David the only argument in favour of cutting legal aid is that the government does not want to spend money on access to justice and doesn’t really give a shit about lawyers as it’s not a vote winner. As the survey shows. And why is legal aid, pleading poverty as it does, doing a popularity survey? And what controls are their in place as to knowledge and bias? As you often state the questions are everything. How about a question of “if you were charged with an offence for the first time and were not guilty do you think you would get appropriate representation from a lawyer paid $550 who has to go to court at least 4 times to defend you case?”

    The interim relief application was turned down. The Judicial Review is being heard early next month.

    I have a legal aid flat fee schedule here. You know doubt use lawyers and tell me how much work you would get out of them for this:

    Guilty plea – $350 – (however many appearances including a late plea from defendant prior to fixture when you have had to prepare). That’s about one hour of a partner’s time in any medium law firm and half an hour or so in a big firm.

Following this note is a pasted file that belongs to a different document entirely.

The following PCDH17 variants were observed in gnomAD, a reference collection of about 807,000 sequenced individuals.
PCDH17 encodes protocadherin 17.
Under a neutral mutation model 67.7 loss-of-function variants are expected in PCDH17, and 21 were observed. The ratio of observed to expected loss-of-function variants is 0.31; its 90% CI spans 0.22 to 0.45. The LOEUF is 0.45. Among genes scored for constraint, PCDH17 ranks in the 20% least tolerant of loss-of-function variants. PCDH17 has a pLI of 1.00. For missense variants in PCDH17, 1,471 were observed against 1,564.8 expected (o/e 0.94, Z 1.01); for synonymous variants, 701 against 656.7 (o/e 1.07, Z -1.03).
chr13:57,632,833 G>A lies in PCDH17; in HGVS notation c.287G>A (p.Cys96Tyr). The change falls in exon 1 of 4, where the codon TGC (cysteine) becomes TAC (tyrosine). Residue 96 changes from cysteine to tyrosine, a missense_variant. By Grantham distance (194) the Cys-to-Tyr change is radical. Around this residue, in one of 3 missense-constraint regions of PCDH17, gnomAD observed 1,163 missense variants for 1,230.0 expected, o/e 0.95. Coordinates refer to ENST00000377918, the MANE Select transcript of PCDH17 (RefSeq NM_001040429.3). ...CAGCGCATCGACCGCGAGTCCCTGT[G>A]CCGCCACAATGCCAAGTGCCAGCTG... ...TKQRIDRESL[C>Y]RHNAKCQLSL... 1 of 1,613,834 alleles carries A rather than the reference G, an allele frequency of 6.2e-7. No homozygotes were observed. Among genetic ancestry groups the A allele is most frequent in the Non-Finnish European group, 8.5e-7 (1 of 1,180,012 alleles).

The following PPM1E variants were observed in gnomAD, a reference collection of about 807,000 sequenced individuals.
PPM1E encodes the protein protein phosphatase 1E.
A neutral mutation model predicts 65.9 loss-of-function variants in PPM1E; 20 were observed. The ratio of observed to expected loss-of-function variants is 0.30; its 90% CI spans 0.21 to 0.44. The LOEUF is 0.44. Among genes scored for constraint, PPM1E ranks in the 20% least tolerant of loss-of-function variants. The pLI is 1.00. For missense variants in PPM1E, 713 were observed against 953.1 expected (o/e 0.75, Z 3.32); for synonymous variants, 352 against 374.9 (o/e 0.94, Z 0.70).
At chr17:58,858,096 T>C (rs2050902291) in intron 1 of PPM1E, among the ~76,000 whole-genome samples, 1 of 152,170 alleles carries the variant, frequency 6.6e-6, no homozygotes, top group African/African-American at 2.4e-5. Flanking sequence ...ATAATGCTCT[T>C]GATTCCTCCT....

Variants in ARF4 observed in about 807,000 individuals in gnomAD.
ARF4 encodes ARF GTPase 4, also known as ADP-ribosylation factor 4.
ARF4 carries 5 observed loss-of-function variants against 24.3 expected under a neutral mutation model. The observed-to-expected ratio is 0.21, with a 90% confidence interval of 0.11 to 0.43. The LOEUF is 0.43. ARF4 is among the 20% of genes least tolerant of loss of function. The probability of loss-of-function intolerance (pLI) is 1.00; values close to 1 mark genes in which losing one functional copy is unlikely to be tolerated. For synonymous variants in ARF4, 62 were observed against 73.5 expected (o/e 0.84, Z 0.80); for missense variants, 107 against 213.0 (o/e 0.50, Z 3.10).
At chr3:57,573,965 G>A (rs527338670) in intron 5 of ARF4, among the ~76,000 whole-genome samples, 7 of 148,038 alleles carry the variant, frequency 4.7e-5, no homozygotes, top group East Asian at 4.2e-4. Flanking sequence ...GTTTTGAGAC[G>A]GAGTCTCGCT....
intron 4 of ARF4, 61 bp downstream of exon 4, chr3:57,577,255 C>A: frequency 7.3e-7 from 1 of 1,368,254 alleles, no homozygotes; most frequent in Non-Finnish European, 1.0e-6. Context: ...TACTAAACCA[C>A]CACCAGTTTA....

Defended Fixture – $550 – first appearance NG, registrar’s call over, Pre Trial in front of a Judge, hearing (oh you do get $50 per half hour after 1.5 hours of hearing time) and there is no extra time if the case is not able to be reached and is set down for weeks in the future.

    s38 Criminal Procedure (Mentally Impaird Persons) Act – (ie is your client able to plead/able to comprehend right from wrong) $150

    Opposed bail applications (yes plural) $225

    Your choice. Do you want a police state or do you think, just maybe, that the power of the state should be balanced with an adequately funded defence?

    This is no longer even about equality of arms – that pipe dream is long dead. This is about whether defendants are even allowed a pop gun to go up against the state.

    And from my point of view it’s about how I can maintain my office, pay my staff a fair rate and maybe, just maybe, earn a few bob for myself and my partners.

    It undermines the rule of law and rips out the backpocket – little wonder lawyers are getting pissed.

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  5. GPT1 (2,121 comments) says:

    You sneer “what a surprise” – perhaps tell us how low you think you can go with legal aid rates? Perhaps explain why a service that has been operated on 1998 remuneration should be cut further (and then put together a diet plan for Ethiopians) and a bonus point if you can point to other government department contracts that are cutting from 1998 level

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  6. Grendel (1,002 comments) says: